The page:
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Four Common Struggles That (Almost!) All Beginner Actors Face

Starting your career as an actor can be difficult. There are many challenges that can come with this career path, and sometimes they can make you doubt any decision you’re going to make.

That includes every minimal thing you’re going to do, like if you should move to Los Angeles or if you need to give your hair a new haircut. And for the record, yes, there are more jobs in Los Angeles, but it doesn’t mean you necessarily have to move out to the city. And please, only cut your hair if you want to! With that in mind, here are some of the most common struggles beginner actors go through.

Memory

It might be a cliché, but this is still a struggle lots of actors face every day. Every actor needs to know their lines because otherwise, they will sound like robots, or — even worse — like someone who doesn’t know their lines. It will get easier the more you practice, since you’ll get more used to it. And besides, you’ll get to know yourself more. If it takes you one week to learn a page, you need to start practicing one week in advance! The more you practice, the sooner you will know which techniques work for you and which ones do not.

Rejection

One of the best things you can do to try to get over a painful rejection for a role that you really wanted is to be practical and level-headed about it. After an audition, it’s important to not get desperate. One good thing is that they probably won’t call you to tell you you didn’t get the role. So, forget about that audition and let it be a pleasant surprise when they do ultimately call you. Besides, you can always get a better strategy next time: change your look, practice more, and watch more movies. That said, there is one thing you can’t do, and that’s to let it affect you. Young actors and actresses are especially vulnerable to anxiety and depression because of rejection. However, research has shown women are more likely to develop it at some point. If you add in some of the more common problems that actresses face in these settings, the percentage of women with symptoms related to mental health conditions gets worse. If you or someone you know is having a hard time, don’t be afraid to ask for help. There is mental health assistance for women near Los Angeles, New York (or the city you have chosen to pursue your career!) that can help you with this.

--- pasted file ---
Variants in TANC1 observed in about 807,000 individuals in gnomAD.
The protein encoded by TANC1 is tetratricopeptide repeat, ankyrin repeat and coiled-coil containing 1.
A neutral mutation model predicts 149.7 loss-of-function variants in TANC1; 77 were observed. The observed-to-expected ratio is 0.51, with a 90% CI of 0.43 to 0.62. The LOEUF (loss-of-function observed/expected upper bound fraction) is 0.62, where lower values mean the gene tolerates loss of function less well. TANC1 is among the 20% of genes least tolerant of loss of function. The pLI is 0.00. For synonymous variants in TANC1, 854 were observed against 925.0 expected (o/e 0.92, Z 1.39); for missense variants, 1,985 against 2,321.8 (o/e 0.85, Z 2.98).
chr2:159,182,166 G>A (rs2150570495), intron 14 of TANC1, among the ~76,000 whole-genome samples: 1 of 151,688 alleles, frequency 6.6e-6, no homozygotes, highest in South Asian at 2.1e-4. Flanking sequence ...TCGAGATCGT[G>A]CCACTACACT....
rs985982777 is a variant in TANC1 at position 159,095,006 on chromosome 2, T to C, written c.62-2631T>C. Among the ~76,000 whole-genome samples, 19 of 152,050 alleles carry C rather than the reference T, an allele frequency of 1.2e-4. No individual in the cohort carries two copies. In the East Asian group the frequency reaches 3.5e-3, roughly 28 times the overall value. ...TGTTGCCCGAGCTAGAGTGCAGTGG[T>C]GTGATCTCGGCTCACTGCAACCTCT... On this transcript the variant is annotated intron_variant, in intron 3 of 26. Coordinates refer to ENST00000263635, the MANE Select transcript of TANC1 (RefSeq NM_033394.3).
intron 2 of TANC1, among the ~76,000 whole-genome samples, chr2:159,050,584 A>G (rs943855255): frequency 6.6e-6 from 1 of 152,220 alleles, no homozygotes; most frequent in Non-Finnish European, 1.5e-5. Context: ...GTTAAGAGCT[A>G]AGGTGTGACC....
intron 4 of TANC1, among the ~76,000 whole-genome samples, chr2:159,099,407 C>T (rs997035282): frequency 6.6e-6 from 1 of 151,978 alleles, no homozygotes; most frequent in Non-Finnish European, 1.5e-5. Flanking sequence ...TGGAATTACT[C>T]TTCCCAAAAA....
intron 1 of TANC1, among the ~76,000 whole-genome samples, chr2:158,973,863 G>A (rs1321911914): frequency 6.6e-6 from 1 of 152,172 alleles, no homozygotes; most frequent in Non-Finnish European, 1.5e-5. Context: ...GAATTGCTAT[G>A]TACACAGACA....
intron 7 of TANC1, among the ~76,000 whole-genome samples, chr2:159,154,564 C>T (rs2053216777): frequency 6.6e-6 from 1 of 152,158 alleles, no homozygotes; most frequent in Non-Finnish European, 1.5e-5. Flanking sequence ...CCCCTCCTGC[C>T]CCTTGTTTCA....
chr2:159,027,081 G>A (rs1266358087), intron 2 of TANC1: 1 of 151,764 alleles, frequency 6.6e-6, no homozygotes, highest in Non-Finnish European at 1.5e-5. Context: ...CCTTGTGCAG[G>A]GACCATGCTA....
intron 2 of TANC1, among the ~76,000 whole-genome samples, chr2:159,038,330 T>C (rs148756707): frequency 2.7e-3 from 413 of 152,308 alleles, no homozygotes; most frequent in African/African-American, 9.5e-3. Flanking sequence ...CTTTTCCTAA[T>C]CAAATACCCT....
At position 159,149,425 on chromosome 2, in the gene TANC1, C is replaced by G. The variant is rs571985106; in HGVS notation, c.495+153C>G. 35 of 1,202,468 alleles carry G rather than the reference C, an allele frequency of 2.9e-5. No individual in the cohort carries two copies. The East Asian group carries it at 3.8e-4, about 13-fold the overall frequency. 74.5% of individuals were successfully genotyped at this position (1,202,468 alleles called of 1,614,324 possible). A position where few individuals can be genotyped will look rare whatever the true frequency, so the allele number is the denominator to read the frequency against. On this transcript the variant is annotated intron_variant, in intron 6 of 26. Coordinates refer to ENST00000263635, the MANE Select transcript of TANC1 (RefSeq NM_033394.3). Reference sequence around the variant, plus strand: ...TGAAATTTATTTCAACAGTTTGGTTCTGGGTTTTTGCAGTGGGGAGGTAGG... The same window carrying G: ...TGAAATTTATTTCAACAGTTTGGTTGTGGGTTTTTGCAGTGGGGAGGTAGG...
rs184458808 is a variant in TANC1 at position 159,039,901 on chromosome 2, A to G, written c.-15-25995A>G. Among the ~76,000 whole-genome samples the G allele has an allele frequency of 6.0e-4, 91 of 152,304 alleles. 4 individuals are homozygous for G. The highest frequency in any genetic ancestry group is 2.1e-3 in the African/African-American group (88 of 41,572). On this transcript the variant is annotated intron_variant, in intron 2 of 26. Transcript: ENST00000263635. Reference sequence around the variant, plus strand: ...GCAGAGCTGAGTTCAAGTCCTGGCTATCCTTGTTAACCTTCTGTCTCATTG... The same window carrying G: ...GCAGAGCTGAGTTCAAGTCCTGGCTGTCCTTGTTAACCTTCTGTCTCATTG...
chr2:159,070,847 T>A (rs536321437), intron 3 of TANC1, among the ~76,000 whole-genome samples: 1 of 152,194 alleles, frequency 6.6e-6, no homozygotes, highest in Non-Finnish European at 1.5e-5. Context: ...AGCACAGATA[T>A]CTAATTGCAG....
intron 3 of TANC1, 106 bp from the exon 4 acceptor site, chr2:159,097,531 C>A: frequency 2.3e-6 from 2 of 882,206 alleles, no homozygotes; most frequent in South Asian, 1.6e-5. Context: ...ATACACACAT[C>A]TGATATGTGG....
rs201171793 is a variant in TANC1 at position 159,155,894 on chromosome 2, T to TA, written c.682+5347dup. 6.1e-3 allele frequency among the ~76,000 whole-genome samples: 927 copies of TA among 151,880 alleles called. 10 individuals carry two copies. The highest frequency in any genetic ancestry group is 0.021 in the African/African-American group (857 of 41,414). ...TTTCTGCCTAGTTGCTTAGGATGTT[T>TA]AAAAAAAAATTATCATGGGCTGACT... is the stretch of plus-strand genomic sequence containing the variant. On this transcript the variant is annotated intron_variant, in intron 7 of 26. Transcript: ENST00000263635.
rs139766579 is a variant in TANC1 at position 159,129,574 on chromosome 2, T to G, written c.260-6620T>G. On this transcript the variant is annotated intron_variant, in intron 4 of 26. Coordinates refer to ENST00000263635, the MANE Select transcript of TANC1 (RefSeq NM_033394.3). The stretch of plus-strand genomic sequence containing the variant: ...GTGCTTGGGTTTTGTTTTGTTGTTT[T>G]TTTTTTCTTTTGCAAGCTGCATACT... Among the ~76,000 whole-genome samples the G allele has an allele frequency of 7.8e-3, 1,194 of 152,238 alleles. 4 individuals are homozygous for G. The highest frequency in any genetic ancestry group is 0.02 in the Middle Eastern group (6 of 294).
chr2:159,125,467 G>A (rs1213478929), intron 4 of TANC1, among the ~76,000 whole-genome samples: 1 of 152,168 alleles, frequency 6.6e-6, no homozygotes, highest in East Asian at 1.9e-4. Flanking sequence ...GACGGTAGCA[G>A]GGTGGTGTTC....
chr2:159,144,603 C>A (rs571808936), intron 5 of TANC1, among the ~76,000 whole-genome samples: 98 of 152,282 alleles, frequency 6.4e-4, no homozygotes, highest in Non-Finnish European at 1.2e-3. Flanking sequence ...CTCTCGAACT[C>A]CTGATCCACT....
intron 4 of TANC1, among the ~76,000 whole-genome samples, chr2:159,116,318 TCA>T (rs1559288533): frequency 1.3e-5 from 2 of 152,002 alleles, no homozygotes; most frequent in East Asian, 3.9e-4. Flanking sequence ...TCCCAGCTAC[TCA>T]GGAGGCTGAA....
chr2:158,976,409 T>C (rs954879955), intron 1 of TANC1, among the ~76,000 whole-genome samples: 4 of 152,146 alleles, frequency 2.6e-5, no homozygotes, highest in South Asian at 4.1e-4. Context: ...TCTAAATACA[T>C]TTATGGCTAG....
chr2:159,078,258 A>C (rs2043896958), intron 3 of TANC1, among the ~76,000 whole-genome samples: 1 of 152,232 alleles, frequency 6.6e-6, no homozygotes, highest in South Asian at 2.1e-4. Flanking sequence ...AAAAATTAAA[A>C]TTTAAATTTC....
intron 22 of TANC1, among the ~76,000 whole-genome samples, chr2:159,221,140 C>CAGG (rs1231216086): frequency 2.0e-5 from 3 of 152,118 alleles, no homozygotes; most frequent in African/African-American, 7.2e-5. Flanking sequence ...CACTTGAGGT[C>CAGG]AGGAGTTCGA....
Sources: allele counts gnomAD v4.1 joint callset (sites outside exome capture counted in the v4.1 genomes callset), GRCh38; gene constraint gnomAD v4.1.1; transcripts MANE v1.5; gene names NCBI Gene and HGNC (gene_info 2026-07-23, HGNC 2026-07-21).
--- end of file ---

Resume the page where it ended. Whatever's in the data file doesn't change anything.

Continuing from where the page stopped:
Self Awareness

It’s also hard to explain the art of being an actor. You have to be notably conscious of your body and your surroundings. However, it becomes a problem when the actor it’s too immersed in the role that it comes out stiff or robotic because they don’t relax enough. The best tip is to entirely focus on the partner or (if you’re alone, in your character) and not on yourself. Of course, this is easier saying it than doing it, but practice can give you all of this. The goal is to be completely aware of every movement you do (even your body language), so you can change it to however it suits best the character.

Credibility

As an actor, the public has to believe you. The difficult part about this is that the harder you try, the worse it looks. So, the trick is to make it look like you’re not trying and be relaxed. (Again, easier saying it than done!) This point is heavily related to self-awareness, and it has to do a lot with practicing. And before you protest, yes, most of the troubles that actors face (at least if we talk about their development) can be solved with practice. If nothing seems to work, you can always turn to the most experienced ones for guidance and inspiration.

Fears

Fear can completely ruin your career before it takes off. Having doubt can make you hold back immensely, and that’s why you need to learn how to control it. Give it time, and you will learn how to accept them, and you will forget you were once scared. While you work this out, the best you can do is practice. And not only practice what you feel comfortable doing, but also practice everything. Pick new characters and demanding scripts. It will all pay off in the end. If you still think you’re too lost and scared, planning can always be your solution. Maybe you can feel better if you know what you’re going to do ahead of time.

Remember, practice can solve most of the problems that you will face as a beginner actor. Not only will it help you not only overcome your fears, but it will also allow you to step out of your comfort zone, too. If you haven’t today, take this as a daily reminder to practice your lines. And before you know it, you’ll land that key part that takes you from the small stage to finally getting that break that you worked so hard for — and obviously very much deserve!

Staff Writer
Author: Staff Writer